Is there any taxation and tax credit system strategy out there in the world that you know of and that would support small local radio and newspapers? They are the heart and soul of the real story of what's happening on the ground. Help us.
I'm certainly not aware of specific supports that other countries have through the tax system that are devoted to that type of local media and small newspapers. The limits on deductibility of advertising expenses set up to apply with respect to Canadian newspapers are unique to Canada.
I am going to pick up on Darrell's question. This week, Rogers laid off 87 people. We've talked about analog dollars and digital dimes, and in terms of their digital dimes, Rogers this week announced 87 layoffs coast to coast. How do we deal with this?
Their subscriptions may or may not be the same, whether they mail that out or do it digitally now, and that's what they've all gone to. It's cheaper, to be honest with you, to send it out by email than it is to go through Canada Post. We're seeing these massive layoffs in the newspaper industry, yet their cost for sending a magazine out is gone now, because they just hit “send” and it's gone. Can we have this payroll tax to support these small businesses? Can that be something that we look at?
We're looking at local media here. Rogers isn't small. That's the top of the food chain. At the bottom of the food chain are the humble journals and the small weeklies that, as we have heard here, are really struggling to keep their operations open.
I guess it's certainly not for me to say to the committee what can and can't be done. What I would reiterate is that from a tax policy point of view, when we look at a tax policy proposal, we're looking to see if it's the most efficient and effective way. Is that the best use of the tax dollars? Is the tax system as fair and as equitable as possible in the way it's applied? Is it an efficient way to generate revenues?
To the extent that we intend that certain other goals, cultural goals in this case, or media goals, are intended to be met, then we would have to examine proposals to see if the tax system or the proposals that come up are an efficient way to serve that purpose.
Getting back to Facebook and Google, in this country we see “Facebook Canada” and “Google Canada”. Those are their names. Does it not constitute a physical presence in this country when they actually have “Facebook Canada” and “Google Canada”...? They are here. They have to be paying some tax.
As Madam Laflèche mentioned, for confidentiality reasons, whether an individual company pays or doesn't pay tax, that's their business with the CRA. I will say, though, that when we look at the size of the retailing that goes on in the e-commerce world, and when we think about how much money is out there, it's complicated to estimate, because a lot of transactions that occur are business to business. Businesses would buy goods online and get an input tax credit for it. There would be no revenue collected.
A lot of foreign businesses are registered for the GST and the HST because they have operations in Canada. They have online components and in-store components. For us to look at all the data and say what is the total amount that could possibly be collected by the application is very difficult, because of the circumstances as to whether an individual company is actually a registrant. They might be. They might be the owner of some of the things that they sell, in which case they're required...or they might be acting as an agent for someone else. The industry is evolving all the time. We've talked to people and they've said that they charge tax on some things, but not on others. To determine an estimate is quite difficult.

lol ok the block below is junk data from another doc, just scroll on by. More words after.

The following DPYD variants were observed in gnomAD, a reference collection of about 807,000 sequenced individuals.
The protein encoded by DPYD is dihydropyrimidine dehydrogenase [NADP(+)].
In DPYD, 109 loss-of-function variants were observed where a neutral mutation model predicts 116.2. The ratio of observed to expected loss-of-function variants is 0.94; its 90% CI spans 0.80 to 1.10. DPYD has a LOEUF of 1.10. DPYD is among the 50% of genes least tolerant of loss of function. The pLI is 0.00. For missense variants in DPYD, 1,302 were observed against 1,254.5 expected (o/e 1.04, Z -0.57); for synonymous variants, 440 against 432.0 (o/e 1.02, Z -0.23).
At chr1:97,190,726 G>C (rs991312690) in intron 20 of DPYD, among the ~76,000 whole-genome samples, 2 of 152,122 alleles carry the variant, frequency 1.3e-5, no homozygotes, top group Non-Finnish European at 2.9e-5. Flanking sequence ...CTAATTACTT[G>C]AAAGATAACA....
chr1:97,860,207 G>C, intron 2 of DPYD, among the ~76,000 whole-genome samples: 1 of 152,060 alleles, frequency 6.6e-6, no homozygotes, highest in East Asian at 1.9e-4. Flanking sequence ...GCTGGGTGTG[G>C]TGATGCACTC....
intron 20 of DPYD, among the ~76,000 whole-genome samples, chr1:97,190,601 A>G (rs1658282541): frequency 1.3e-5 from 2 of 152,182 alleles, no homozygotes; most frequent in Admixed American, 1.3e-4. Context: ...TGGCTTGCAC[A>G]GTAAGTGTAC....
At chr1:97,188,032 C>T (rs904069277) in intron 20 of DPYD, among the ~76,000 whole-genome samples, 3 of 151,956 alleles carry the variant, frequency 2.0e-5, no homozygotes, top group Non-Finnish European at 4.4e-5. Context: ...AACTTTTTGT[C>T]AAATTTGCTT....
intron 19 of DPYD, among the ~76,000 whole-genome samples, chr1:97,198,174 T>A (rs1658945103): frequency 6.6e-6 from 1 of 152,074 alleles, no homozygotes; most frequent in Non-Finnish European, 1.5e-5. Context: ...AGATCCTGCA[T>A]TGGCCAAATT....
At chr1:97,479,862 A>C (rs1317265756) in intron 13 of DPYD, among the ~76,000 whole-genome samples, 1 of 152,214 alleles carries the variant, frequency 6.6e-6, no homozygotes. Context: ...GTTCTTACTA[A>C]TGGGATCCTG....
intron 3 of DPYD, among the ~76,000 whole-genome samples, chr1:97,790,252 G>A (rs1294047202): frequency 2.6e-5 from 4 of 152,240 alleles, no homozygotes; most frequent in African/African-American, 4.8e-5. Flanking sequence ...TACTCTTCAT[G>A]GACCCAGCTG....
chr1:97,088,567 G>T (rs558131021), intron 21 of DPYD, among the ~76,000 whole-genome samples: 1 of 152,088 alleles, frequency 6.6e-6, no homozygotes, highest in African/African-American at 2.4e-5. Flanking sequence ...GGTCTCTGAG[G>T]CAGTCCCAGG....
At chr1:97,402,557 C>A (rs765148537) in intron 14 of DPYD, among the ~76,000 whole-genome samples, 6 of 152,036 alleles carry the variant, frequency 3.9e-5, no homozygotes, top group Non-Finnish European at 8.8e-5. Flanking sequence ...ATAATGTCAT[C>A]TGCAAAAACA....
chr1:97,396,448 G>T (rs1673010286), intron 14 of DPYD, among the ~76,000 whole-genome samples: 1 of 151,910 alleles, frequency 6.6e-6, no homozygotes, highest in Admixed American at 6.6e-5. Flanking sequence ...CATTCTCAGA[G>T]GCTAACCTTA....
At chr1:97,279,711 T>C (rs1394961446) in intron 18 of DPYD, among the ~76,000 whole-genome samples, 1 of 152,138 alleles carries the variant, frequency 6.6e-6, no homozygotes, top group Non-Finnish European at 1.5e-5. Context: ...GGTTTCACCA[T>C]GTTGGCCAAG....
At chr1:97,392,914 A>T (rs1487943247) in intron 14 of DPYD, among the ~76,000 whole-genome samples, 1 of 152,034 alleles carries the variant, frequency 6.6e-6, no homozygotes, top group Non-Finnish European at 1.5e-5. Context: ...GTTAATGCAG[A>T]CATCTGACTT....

Let me give you an example. If I have an account with Netflix, I have to pay with a credit card. Could these companies add the tax and remit it? O if it's a direct debit, the bank could add the tax and remit it. The banks and credit card companies are benefiting from these transactions, so could they be required to do this?
I would say in regard to the experience of other countries in terms of imposing a requirement on a foreign-based vendor to collect and remit the sales tax—the value-added tax in such cases—on sales to residents in those countries, that it is something that other countries have done. There have been some discussion of and some work done on whether using the financial institutions as a tax collector would be feasible.
Again, that's a different model of tax collection from what we have now, where the ultimate lead is to the vendor and the financial institution that is providing intermediary services is doing something different and may not know all of the information with respect to whether this is a taxable good. Essentially, they're getting an amount. Let's call it $100, for example, and what is that $100 is made up of? Is it made up of $50 that's taxable and $50 that's not taxable? There are just some complications that—
These are issues that have to do with confidentiality. I understand your caution, but certainly everyone is scratching their heads, wondering how it all works. The public will be pleased to know that we aren't sitting idly by situations that may seem unfair to average citizens.
This committee also heard people say that advertising purchases on these platforms remained expenses that could be used to benefit from the advertising deduction.